Patapsco Valley 50K - A Maryland Ultramarathon With a National Reputation

This post was published on the now-closed HuffPost Contributor platform. Contributors control their own work and posted freely to our site. If you need to flag this entry as abusive, send us an email.

The Fall season is a great time to run outdoors, especially when it comes to stepping away from the road and stepping onto the trails. The vibrant glowing colors of the changing leaves, the crisp cool air inhaled during each breath, and the sound of footsteps as runners navigate over dirt, tumbled rock, and technical terrain. Yes, running during the Fall season is my favorite time of year, especially at the marathon distance and beyond.

Growing up in Maryland, I’ve always been drawn to certain parks that are well known for having great trails, and the Patapsco Valley State Park is one of those parks that has a national reputation. Nestled just a few minutes outside of the city of Baltimore, this park extends along 32 miles of the Patapsco River and encompasses 16,043 acres where people can go to hike, mountain bike, fish, camp, or just take in the scenic views. Another great aspect of this park is that for the fourth year in a row, the White Oak Running Company, hosts the Patapsco Valley 50K, which is a trail ultramarathon in the Avalon area of the park.

The race features plenty of scenic dirt single track with a few short sections on paved bike trail. The terrain is challenging but runnable with rolling hills throughout. The course has a handful of small creek crossings and can often be muddy in many places, which adds to both the thrill and the challenge of the course. Some of the course highlights include Cascade Falls, the soon-to-be-removed Bloede Dam, the ruins of the Orange Grove Flour Mill, as well as the Avalon Nail and Iron Works ruins. There are also plenty of locations on the course to view the Patapsco River.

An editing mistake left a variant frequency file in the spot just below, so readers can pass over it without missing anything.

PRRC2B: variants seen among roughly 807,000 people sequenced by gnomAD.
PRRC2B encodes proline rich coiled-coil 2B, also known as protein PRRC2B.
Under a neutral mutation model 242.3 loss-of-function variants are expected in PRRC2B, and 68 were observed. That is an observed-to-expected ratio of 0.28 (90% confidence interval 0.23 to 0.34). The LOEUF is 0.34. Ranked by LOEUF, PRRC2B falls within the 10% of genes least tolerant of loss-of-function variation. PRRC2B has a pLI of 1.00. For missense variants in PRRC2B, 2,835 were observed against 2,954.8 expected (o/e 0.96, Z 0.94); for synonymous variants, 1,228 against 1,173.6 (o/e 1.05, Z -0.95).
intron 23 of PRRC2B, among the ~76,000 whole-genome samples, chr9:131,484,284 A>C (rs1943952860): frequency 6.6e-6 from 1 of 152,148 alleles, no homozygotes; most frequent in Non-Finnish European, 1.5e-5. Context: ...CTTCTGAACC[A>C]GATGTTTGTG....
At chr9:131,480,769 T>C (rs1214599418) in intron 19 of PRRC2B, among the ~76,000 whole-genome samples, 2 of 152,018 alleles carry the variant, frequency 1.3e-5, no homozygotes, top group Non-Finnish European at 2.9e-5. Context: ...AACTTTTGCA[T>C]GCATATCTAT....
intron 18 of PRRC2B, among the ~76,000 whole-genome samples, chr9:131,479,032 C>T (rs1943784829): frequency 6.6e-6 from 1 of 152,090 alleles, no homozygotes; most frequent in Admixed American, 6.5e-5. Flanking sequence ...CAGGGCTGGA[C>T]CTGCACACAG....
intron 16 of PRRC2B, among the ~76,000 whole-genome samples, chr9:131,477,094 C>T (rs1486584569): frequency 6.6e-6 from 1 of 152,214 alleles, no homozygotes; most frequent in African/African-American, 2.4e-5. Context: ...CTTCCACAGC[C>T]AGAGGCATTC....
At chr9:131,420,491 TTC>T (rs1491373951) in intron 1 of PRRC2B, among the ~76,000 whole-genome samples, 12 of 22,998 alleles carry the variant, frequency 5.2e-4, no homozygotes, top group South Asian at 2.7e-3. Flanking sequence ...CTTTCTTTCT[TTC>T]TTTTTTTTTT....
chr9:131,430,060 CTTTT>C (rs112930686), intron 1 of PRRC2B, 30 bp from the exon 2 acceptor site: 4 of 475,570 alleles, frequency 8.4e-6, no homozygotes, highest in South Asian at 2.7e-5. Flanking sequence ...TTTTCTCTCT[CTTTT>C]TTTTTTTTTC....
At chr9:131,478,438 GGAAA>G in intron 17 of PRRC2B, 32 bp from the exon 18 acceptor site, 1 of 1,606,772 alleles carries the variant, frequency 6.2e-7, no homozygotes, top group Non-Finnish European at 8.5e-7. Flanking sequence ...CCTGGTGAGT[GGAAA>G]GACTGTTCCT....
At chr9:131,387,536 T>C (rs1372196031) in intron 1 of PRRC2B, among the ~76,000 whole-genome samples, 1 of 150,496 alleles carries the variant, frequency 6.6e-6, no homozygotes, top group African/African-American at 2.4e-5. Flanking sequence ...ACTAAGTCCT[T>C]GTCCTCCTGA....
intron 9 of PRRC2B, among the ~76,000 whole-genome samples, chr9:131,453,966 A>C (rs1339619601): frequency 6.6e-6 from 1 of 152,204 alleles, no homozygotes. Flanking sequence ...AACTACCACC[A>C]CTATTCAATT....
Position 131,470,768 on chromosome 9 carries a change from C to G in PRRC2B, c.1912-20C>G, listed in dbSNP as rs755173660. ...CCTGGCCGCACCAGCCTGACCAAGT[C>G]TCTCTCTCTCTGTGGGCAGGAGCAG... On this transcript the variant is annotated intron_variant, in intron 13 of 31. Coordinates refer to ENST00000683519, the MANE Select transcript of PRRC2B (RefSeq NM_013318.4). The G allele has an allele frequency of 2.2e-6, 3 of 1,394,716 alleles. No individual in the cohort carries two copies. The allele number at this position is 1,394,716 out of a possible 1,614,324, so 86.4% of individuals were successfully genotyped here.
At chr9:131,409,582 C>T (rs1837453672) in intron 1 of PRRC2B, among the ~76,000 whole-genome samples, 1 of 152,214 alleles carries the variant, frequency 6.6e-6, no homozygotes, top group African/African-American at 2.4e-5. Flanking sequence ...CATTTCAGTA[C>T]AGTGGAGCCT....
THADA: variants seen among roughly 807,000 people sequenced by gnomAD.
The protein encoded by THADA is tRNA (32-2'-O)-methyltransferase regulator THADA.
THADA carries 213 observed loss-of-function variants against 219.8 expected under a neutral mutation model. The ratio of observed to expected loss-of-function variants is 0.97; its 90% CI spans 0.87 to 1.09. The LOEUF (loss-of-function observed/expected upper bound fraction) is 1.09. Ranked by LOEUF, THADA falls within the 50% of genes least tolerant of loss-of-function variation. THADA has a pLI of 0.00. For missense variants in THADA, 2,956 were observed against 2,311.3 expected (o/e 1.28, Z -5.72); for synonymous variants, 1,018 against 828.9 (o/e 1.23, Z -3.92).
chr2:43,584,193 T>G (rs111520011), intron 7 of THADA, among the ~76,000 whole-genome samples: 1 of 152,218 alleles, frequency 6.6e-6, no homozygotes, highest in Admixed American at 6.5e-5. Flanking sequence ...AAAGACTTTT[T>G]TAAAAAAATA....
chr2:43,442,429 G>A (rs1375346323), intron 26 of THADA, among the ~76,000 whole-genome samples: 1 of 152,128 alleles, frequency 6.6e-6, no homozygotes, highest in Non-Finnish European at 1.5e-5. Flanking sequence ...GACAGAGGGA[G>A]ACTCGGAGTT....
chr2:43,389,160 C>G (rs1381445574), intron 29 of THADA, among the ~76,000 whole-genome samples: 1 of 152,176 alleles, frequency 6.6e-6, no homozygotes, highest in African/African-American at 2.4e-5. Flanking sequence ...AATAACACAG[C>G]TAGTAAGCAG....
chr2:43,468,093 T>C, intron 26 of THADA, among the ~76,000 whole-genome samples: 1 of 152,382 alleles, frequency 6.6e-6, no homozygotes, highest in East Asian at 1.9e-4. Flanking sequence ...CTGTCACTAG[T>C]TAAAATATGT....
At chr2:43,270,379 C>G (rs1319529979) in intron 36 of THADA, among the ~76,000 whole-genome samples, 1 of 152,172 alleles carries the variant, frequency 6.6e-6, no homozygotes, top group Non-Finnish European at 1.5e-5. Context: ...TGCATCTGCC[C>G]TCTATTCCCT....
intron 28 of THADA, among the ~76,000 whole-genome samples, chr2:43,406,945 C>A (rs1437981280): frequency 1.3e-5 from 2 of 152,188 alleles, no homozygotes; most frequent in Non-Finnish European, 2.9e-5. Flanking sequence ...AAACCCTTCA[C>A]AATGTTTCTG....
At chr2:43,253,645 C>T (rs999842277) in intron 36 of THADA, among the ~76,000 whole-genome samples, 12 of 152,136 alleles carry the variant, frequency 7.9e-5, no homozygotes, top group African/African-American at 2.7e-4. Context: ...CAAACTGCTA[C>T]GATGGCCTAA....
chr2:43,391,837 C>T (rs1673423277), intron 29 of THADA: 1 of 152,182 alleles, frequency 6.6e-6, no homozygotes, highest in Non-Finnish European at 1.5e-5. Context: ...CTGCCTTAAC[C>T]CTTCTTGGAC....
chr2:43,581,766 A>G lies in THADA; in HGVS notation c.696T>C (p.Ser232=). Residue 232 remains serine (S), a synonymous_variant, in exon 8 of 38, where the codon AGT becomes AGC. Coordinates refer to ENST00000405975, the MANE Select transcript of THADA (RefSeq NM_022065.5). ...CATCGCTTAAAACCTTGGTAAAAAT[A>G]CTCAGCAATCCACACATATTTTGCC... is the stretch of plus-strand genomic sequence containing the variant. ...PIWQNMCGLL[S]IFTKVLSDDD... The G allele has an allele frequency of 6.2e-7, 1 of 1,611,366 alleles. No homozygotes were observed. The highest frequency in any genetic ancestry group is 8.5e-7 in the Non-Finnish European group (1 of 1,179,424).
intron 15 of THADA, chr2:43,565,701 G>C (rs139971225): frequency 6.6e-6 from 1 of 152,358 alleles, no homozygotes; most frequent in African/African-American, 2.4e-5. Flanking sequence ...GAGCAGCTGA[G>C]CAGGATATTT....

As an endurance athlete, I loved every aspect of this race from the very start. When it came to parking at the race venue, I only had to walk twenty yards to the race registration, and was able to enjoy the sound of good music as I signed in and picked up my bib number. The excitement was building at the starting line, and you could feel a true sense of community among all the runners.

Once the race started at 7am, the sun had not risen yet so the first few miles were about navigating the path with the help of flashlights and headlamps. It was a pretty amazing sight to see a steady line of runners weaving throughout the trails as their lighting sources helped illuminate the path in from of them. I could hear other runners chatting with their teammates and friends about their preparation for this event, while other runners quietly reflected as they took each careful step over the technical terrain.

As the sun began to rise, the dew on the leaves shimmered like tiny diamonds throughout the surrounding trees. The warmth of the sun began to awaken the soul as runners continued to find their rhythm and pace.

As we made our way from aid station to aid station, we were always welcomed from a very enthusiastic and welcoming group of incredible volunteers and spectators, which added fuel and motivation to the next part of the course. The group that I was running with early on during the race, ended up being the group that I finished with, which was pretty interesting because there were moments throughout the race where we had gone minutes or even miles without seeing each other.

There were many points throughout the course where I wish I had brought my camera so I could capture the true beauty of this location – the trees, streams, trails, valleys, and the journey itself. In the final few miles, I was able to reflect back on what a great experience this race was, and promised myself that I would definitely be back to race in this event again. Crossing the finish line and receiving a handmade mug by One:Eleven Pottery with the Patapsco Valley 50K logo was a very proud moment, and being given a delicious cookie made by Wicked Good Cookies for finishing in the top 100 was also quite nice.

A special thanks goes out to the White Oak Running Company, their great team of race directors, the volunteers, and everyone who helped put on this fun event. Whether you are a beginner or veteran runner, I highly recommend this ultra for any runner who is interested in doing an ultramarathon. This race definitely lived up to its reputation as being one of the most impressive trail ultras in the entire country.

Before You Go

Popular in the Community